Low Potassium Diet Best Practices

Potassium is an essential mineral found in a wide variety of foods.  It helps keep your muscles working properly, including the most important muscle – your heart.  One of the primary functions of your kidneys is to keep a healthy amount of potassium in the body, but when the kidneys aren’t functioning properly, your doctor may recommend a low potassium diet to prevent dangerous amounts from accumulating in your body.  If your potassium levels are too high, it can lead to side effects like an irregular heartbeat or even a heart attack.

In the article, we’ll discuss best practices when following a low potassium diet, including foods high in potassium to avoid. 

 

Hyperkalemia

A big word with a simple meaning.  Essentially, hyperkalemia is a condition caused by having too much potassium in your blood.  If you break down the term: hyper = high, kal = potassium, emia = in the blood. 

When asking your doctor about the potassium levels in your blood, if your levels are:

3.5 – 5.0: You’re in the SAFE ZONE

5.1 – 6.0: You’re in the CAUTION ZONE and may need to follow a low potassium diet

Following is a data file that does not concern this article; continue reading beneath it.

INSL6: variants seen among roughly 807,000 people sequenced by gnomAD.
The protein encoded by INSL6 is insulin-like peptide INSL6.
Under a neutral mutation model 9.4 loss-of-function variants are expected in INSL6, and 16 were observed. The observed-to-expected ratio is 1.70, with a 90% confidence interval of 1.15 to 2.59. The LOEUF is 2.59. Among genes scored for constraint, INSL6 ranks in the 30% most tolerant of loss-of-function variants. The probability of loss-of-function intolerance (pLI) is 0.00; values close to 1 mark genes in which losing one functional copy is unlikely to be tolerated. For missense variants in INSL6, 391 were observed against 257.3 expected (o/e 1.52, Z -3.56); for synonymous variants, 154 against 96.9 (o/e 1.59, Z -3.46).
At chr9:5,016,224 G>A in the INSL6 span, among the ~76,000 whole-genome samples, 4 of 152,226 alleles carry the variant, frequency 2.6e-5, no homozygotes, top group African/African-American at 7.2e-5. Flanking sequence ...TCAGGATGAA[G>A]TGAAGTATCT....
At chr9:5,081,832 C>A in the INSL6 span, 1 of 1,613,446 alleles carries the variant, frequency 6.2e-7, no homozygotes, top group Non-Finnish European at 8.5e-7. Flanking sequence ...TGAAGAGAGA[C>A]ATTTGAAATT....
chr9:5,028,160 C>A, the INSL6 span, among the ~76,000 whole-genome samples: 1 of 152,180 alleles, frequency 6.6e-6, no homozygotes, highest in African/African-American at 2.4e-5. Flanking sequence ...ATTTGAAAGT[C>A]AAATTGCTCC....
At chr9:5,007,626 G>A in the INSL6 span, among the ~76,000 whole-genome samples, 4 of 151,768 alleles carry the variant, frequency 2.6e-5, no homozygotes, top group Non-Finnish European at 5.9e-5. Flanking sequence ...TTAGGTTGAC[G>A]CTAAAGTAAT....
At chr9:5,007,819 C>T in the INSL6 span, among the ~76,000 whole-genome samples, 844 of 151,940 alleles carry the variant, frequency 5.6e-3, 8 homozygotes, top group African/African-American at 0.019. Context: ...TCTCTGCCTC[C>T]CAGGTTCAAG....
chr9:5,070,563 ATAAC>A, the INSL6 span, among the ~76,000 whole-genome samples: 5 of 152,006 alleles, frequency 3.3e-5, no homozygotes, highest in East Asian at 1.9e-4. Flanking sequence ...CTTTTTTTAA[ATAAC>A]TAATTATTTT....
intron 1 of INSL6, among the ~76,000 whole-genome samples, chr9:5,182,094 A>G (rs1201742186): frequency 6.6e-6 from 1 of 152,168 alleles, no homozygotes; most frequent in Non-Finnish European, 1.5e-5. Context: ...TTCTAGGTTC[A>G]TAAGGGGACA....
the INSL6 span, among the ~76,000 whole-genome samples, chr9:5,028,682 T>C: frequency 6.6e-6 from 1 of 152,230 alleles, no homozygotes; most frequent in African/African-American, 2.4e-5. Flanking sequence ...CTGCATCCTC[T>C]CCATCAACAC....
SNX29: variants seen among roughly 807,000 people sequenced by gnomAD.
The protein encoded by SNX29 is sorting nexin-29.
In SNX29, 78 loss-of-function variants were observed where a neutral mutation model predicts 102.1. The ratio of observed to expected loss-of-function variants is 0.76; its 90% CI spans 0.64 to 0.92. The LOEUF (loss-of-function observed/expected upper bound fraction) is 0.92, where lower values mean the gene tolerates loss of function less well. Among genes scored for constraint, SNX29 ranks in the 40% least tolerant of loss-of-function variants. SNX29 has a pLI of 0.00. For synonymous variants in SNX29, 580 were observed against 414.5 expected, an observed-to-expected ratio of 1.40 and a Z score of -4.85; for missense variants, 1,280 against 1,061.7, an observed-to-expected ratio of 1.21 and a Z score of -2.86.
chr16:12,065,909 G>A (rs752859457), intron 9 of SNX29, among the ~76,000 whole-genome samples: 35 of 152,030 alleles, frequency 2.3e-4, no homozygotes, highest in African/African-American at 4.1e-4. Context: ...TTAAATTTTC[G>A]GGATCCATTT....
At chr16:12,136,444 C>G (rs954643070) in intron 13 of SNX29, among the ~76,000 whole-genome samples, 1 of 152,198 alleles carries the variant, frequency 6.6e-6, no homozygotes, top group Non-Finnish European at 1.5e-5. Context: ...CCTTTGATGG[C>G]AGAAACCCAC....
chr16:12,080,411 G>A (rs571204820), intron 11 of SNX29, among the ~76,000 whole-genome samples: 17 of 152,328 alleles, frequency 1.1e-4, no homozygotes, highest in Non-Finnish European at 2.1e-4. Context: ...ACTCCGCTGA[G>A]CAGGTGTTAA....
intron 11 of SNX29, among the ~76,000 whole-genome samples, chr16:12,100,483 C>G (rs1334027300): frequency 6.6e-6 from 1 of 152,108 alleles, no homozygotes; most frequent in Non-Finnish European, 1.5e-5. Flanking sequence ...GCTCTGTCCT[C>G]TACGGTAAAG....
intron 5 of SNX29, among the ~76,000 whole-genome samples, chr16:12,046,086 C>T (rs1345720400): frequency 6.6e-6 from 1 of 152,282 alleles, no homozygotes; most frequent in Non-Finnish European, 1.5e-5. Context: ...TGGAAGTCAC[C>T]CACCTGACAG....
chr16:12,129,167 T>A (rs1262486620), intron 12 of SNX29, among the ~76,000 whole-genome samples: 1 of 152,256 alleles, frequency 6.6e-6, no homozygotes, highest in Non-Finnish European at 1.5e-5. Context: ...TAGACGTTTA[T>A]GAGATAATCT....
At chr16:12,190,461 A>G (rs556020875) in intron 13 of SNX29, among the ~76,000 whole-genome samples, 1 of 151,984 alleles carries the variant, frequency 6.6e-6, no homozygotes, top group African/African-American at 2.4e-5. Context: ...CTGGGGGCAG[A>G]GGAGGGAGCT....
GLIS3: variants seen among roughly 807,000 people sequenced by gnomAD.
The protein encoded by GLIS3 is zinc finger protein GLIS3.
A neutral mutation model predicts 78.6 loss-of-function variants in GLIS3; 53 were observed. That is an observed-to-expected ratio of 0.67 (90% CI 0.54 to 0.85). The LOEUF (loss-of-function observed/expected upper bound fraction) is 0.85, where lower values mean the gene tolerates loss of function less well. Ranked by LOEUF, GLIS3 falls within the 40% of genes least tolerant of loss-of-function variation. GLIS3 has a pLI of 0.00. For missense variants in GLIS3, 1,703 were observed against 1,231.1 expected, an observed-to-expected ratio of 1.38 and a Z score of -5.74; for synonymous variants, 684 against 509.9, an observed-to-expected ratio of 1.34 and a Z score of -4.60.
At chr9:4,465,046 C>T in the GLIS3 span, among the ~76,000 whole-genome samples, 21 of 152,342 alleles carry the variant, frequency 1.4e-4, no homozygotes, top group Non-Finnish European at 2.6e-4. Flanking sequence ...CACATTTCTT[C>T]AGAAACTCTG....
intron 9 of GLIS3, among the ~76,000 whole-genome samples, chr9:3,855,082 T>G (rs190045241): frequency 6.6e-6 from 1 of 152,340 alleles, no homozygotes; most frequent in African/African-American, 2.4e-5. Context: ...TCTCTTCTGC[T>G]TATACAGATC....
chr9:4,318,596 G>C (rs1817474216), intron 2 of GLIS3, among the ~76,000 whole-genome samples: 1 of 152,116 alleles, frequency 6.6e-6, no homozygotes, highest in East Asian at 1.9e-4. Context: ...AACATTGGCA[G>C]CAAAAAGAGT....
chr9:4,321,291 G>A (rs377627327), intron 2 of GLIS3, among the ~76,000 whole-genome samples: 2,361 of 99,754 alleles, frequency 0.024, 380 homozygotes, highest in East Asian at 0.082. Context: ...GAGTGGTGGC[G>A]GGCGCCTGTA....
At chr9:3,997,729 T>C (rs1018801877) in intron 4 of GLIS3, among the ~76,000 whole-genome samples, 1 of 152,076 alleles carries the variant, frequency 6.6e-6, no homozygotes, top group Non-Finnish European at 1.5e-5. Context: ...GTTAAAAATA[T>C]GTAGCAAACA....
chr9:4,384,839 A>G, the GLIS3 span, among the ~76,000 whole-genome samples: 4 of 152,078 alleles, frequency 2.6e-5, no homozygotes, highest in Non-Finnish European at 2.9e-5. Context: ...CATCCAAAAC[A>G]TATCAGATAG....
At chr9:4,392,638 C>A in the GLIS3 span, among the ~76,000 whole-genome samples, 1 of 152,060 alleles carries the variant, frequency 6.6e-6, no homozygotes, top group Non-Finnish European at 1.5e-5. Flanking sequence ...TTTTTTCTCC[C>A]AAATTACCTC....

6.0+: You’re in the DANGER ZONE and will need to make major diet changes in addition to introducing new medications.  You may be diagnosed with hyperkalemia at these levels. 

 

Basic Practices For A Low Potassium Diet

When following a low potassium diet, you’ll of course want to adhere to the recommendations of a trusted health professional, which probably means your doctor or renal dietitian.  That being said, the following are general best practices for MOST people on a low potassium diet:

  • Pay attention to serving sizes:  almost all foods have at least some potassium, so don’t eat anything in excess.  Eating smaller meals throughout the day is best for a low potassium diet, not to mention it will do great things for your metabolism.
     
  • Avoid high potassium foods: this is an obvious one, but avoid foods with high potassium levels even in moderation.  In the next section of this article we’ll provide a list of ingredients to avoid.